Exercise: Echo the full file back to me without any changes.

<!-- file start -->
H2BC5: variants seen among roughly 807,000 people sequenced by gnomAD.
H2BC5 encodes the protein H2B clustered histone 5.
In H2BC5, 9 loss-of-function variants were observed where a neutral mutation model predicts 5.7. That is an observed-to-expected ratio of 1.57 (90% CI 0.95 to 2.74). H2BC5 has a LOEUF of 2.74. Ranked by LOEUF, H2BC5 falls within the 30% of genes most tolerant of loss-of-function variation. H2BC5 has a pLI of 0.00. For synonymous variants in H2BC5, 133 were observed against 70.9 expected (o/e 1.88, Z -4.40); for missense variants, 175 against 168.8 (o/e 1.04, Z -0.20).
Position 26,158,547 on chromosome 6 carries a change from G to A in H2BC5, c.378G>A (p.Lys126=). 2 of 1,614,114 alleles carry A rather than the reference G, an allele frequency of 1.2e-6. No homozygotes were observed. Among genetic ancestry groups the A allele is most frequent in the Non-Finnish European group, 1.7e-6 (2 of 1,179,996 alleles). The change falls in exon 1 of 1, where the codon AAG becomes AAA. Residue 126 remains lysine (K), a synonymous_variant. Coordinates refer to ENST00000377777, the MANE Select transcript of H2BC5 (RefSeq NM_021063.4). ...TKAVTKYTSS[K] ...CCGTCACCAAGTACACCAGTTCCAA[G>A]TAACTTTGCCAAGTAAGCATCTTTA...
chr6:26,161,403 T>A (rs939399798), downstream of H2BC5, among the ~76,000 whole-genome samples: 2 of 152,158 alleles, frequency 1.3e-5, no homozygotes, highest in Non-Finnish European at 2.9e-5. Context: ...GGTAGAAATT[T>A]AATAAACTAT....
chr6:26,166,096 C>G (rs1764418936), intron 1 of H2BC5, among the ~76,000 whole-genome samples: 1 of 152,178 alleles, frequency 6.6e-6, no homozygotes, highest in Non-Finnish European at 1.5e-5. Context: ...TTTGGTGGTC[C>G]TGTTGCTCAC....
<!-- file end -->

H2BC5: variants seen among roughly 807,000 people sequenced by gnomAD.
H2BC5 encodes the protein H2B clustered histone 5.
In H2BC5, 9 loss-of-function variants were observed where a neutral mutation model predicts 5.7. That is an observed-to-expected ratio of 1.57 (90% CI 0.95 to 2.74). H2BC5 has a LOEUF of 2.74. Ranked by LOEUF, H2BC5 falls within the 30% of genes most tolerant of loss-of-function variation. H2BC5 has a pLI of 0.00. For synonymous variants in H2BC5, 133 were observed against 70.9 expected (o/e 1.88, Z -4.40); for missense variants, 175 against 168.8 (o/e 1.04, Z -0.20).
Position 26,158,547 on chromosome 6 carries a change from G to A in H2BC5, c.378G>A (p.Lys126=). 2 of 1,614,114 alleles carry A rather than the reference G, an allele frequency of 1.2e-6. No homozygotes were observed. Among genetic ancestry groups the A allele is most frequent in the Non-Finnish European group, 1.7e-6 (2 of 1,179,996 alleles). The change falls in exon 1 of 1, where the codon AAG becomes AAA. Residue 126 remains lysine (K), a synonymous_variant. Coordinates refer to ENST00000377777, the MANE Select transcript of H2BC5 (RefSeq NM_021063.4). ...TKAVTKYTSS[K] ...CCGTCACCAAGTACACCAGTTCCAA[G>A]TAACTTTGCCAAGTAAGCATCTTTA...
chr6:26,161,403 T>A (rs939399798), downstream of H2BC5, among the ~76,000 whole-genome samples: 2 of 152,158 alleles, frequency 1.3e-5, no homozygotes, highest in Non-Finnish European at 2.9e-5. Context: ...GGTAGAAATT[T>A]AATAAACTAT....
chr6:26,166,096 C>G (rs1764418936), intron 1 of H2BC5, among the ~76,000 whole-genome samples: 1 of 152,178 alleles, frequency 6.6e-6, no homozygotes, highest in Non-Finnish European at 1.5e-5. Context: ...TTTGGTGGTC[C>G]TGTTGCTCAC....